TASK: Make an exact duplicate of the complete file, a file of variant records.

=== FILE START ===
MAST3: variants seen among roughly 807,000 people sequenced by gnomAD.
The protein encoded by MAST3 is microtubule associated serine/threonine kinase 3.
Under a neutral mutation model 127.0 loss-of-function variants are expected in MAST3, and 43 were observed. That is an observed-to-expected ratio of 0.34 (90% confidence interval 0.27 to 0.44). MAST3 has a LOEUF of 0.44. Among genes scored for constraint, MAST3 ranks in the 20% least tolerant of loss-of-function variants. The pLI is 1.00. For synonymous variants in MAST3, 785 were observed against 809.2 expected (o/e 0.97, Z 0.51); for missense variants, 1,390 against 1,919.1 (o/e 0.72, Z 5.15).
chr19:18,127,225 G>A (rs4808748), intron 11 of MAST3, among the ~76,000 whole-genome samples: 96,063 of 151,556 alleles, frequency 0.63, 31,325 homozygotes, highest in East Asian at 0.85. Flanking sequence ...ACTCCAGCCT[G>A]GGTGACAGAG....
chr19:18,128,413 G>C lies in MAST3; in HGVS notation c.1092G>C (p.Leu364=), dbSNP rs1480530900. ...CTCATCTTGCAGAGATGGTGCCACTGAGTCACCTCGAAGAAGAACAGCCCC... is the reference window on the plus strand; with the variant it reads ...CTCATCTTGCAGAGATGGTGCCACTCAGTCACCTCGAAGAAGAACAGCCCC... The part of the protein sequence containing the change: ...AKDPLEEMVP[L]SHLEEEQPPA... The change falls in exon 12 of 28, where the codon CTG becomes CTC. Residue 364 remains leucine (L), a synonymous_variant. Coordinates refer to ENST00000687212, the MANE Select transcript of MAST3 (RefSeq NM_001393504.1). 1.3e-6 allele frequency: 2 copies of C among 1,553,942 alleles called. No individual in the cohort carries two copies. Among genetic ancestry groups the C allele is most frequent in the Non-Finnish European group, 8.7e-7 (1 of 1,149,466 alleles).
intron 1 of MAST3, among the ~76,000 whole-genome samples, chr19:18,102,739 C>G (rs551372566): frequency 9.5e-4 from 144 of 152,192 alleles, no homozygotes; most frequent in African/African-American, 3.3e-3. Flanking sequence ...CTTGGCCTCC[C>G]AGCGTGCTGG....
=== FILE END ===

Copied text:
MAST3: variants seen among roughly 807,000 people sequenced by gnomAD.
The protein encoded by MAST3 is microtubule associated serine/threonine kinase 3.
Under a neutral mutation model 127.0 loss-of-function variants are expected in MAST3, and 43 were observed. That is an observed-to-expected ratio of 0.34 (90% confidence interval 0.27 to 0.44). MAST3 has a LOEUF of 0.44. Among genes scored for constraint, MAST3 ranks in the 20% least tolerant of loss-of-function variants. The pLI is 1.00. For synonymous variants in MAST3, 785 were observed against 809.2 expected (o/e 0.97, Z 0.51); for missense variants, 1,390 against 1,919.1 (o/e 0.72, Z 5.15).
chr19:18,127,225 G>A (rs4808748), intron 11 of MAST3, among the ~76,000 whole-genome samples: 96,063 of 151,556 alleles, frequency 0.63, 31,325 homozygotes, highest in East Asian at 0.85. Flanking sequence ...ACTCCAGCCT[G>A]GGTGACAGAG....
chr19:18,128,413 G>C lies in MAST3; in HGVS notation c.1092G>C (p.Leu364=), dbSNP rs1480530900. ...CTCATCTTGCAGAGATGGTGCCACTGAGTCACCTCGAAGAAGAACAGCCCC... is the reference window on the plus strand; with the variant it reads ...CTCATCTTGCAGAGATGGTGCCACTCAGTCACCTCGAAGAAGAACAGCCCC... The part of the protein sequence containing the change: ...AKDPLEEMVP[L]SHLEEEQPPA... The change falls in exon 12 of 28, where the codon CTG becomes CTC. Residue 364 remains leucine (L), a synonymous_variant. Coordinates refer to ENST00000687212, the MANE Select transcript of MAST3 (RefSeq NM_001393504.1). 1.3e-6 allele frequency: 2 copies of C among 1,553,942 alleles called. No individual in the cohort carries two copies. Among genetic ancestry groups the C allele is most frequent in the Non-Finnish European group, 8.7e-7 (1 of 1,149,466 alleles).
intron 1 of MAST3, among the ~76,000 whole-genome samples, chr19:18,102,739 C>G (rs551372566): frequency 9.5e-4 from 144 of 152,192 alleles, no homozygotes; most frequent in African/African-American, 3.3e-3. Flanking sequence ...CTTGGCCTCC[C>G]AGCGTGCTGG....